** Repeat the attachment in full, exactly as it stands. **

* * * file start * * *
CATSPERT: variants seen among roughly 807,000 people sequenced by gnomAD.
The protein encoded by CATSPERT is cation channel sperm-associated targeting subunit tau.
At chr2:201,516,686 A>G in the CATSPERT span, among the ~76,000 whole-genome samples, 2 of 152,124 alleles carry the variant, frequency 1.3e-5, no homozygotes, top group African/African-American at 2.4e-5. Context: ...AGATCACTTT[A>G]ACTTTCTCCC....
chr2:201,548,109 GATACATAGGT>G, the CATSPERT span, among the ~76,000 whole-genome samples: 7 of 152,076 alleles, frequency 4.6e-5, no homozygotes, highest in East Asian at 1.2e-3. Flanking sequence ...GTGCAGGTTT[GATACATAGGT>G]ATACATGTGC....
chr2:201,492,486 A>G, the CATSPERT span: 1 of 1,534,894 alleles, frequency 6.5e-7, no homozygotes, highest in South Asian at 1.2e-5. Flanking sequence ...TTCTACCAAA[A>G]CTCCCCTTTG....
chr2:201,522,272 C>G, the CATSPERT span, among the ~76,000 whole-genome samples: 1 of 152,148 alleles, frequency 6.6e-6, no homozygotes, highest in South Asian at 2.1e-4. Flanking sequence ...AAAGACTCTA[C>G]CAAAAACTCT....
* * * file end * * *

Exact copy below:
CATSPERT: variants seen among roughly 807,000 people sequenced by gnomAD.
The protein encoded by CATSPERT is cation channel sperm-associated targeting subunit tau.
At chr2:201,516,686 A>G in the CATSPERT span, among the ~76,000 whole-genome samples, 2 of 152,124 alleles carry the variant, frequency 1.3e-5, no homozygotes, top group African/African-American at 2.4e-5. Context: ...AGATCACTTT[A>G]ACTTTCTCCC....
chr2:201,548,109 GATACATAGGT>G, the CATSPERT span, among the ~76,000 whole-genome samples: 7 of 152,076 alleles, frequency 4.6e-5, no homozygotes, highest in East Asian at 1.2e-3. Flanking sequence ...GTGCAGGTTT[GATACATAGGT>G]ATACATGTGC....
chr2:201,492,486 A>G, the CATSPERT span: 1 of 1,534,894 alleles, frequency 6.5e-7, no homozygotes, highest in South Asian at 1.2e-5. Flanking sequence ...TTCTACCAAA[A>G]CTCCCCTTTG....
chr2:201,522,272 C>G, the CATSPERT span, among the ~76,000 whole-genome samples: 1 of 152,148 alleles, frequency 6.6e-6, no homozygotes, highest in South Asian at 2.1e-4. Flanking sequence ...AAAGACTCTA[C>G]CAAAAACTCT....